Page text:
We skip the moments of our lives like stones... This is a fantastic book! This is a book about family, about love, about falling in love, about brothers, about the unbreakable bond between brothers and the desire to mend what was once broken. This book requires patience; the beginning of this book is very confusing. I was very confused, you will be very confused, in fact every reader will be confused for quite a while when you read this book. Your patience and persistence will be rewarded. Trust the author, tell yourself this is the same author that wrote "The Book Thief" and have faith in his story. “Once, in the tide of Dunbar past, there were five brothers, but the fourth of us was the best of us, and a boy of many traits” Let the Dunbar boys - Clay, Matthew, Rory, Henry and Tommy tell you their story. Laugh with them, cry with them, anguish with them. You can't help but smile when reading about their pets, Hector (the cat) and Achilles (the mule) I loved Achilles, I want a mule of my own. The book is narrated by the oldest Dunbar brother - Matthew but it's Clay who is the main character. Author Markus Zusak worked on this book for two decades, said the writing of this book left him broken and beaten at time. You'll feel that in his writing, it's a fine piece of work. This book takes patience, don't give up! I highly, highly recommend this book. You will not be disappointed.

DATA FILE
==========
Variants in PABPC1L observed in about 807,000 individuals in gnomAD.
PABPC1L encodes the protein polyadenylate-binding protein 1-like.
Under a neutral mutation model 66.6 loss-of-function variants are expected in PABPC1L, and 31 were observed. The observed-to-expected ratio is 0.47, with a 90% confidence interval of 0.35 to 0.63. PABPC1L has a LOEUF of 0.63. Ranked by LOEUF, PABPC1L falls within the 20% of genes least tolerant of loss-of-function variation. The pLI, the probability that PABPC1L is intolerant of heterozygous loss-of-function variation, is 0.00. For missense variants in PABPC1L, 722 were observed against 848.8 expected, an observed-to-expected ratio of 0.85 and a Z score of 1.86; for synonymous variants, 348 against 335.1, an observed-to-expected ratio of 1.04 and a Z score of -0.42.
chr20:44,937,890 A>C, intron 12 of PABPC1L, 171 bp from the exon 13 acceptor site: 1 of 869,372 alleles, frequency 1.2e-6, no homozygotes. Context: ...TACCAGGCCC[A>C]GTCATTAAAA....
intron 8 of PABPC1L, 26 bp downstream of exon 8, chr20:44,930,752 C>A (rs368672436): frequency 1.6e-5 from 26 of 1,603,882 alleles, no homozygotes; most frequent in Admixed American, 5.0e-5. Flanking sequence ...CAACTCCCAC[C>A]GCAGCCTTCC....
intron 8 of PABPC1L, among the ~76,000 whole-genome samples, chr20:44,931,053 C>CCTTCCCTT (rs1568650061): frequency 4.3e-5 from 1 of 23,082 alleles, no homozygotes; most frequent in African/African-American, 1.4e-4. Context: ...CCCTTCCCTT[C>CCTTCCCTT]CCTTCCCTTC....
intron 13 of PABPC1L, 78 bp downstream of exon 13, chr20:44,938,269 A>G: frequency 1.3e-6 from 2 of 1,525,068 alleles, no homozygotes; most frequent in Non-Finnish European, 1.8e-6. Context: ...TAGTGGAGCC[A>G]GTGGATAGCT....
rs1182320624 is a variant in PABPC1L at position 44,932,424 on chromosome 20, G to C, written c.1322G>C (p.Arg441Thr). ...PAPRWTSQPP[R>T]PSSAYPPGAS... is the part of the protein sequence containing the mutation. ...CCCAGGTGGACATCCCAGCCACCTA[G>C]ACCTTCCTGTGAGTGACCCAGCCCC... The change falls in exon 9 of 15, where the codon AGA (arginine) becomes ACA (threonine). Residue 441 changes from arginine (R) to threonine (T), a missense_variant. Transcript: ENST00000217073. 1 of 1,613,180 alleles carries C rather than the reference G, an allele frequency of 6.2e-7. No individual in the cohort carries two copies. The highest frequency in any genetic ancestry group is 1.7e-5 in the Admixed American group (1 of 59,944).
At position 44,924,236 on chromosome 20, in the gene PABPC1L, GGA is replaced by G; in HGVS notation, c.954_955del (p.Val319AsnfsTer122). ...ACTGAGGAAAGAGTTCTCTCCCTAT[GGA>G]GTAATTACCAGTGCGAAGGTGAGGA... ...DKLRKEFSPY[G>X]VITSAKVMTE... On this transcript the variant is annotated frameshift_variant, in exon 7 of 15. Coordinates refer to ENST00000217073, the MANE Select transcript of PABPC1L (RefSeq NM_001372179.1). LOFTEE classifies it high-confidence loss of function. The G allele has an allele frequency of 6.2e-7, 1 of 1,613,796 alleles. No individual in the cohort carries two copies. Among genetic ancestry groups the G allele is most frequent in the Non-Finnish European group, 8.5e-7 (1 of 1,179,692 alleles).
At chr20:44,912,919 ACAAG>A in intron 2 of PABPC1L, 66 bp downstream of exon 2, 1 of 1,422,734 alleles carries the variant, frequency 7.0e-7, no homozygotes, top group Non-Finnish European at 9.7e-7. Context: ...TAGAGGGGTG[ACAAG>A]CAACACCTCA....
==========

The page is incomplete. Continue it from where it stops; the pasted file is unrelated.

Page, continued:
The title character of this novel, Clay, is the fourth of five sons in a family that lives in the Sydney suburbs of Australia. The narrator is Matthew, the oldest son. The other sons in descending order are Rory, Henry, and Thomas. Penelope, the mother and a Polish refugee, died of cancer, and Michael, their father, abandoned them six months after her death. Since the responsibility for raising his brothers fell on Matthew’s shoulders, he resents his father and refers to him as “the murderer”. Rory is the one who gets into the most fights, but he manages to stay out of prison throughout the book; Henry is the wheeler-dealer who always is working on some sort of money-making scheme; Clay is the sensitive one who is a champion 400 meter runner and has a girlfriend, Carey, who is an aspiring jockey; and Thomas is an animal lover who assembles a menagerie of pets. Penelope’s father back in Poland was an avid reader of the Iliad and the Odyssey, and he passed his love for the stories on to her. In turn, she passed on her love for them to her sons, who name most of their pets after characters in the stories. For example, their mule is named Achilles, and their cat Hector. Penelope was also a promising concert pianist who, with her father’s encouragement, requested asylum during a trip to Austria several years before the fall of the Berlin Wall. She eventually settles in Australia, although she never plays professionally again. She meets Michael when a piano is delivered to her apartment. She forced the boys to at least try to learn to play it, but was unsuccessful. As a teenager and young man, Michael admired Michelangelo and dreamt of becoming a painter, but his career stalled and he became a construction worker instead. His first wife, Abbey, was an ambitious woman who left him when her business career took off. The bridge in title refers to a project somewhere in the boondocks that Michael has begun. His goal is to build a bridge over a riverbed that is dry most of the year but floods periodically. He returns home to recruit his sons to join him, but only Clay goes back with him. Reportedly it took Zusak, the author of 2005’s The Book Thief, over a decade to write this book. It certainly held my attention, but I thought it was overwritten in the sense that there are too many sub-plots presented in a non-linear manner that are tedious at times. The best scenes are those that describe Penelope’s three year battle with cancer.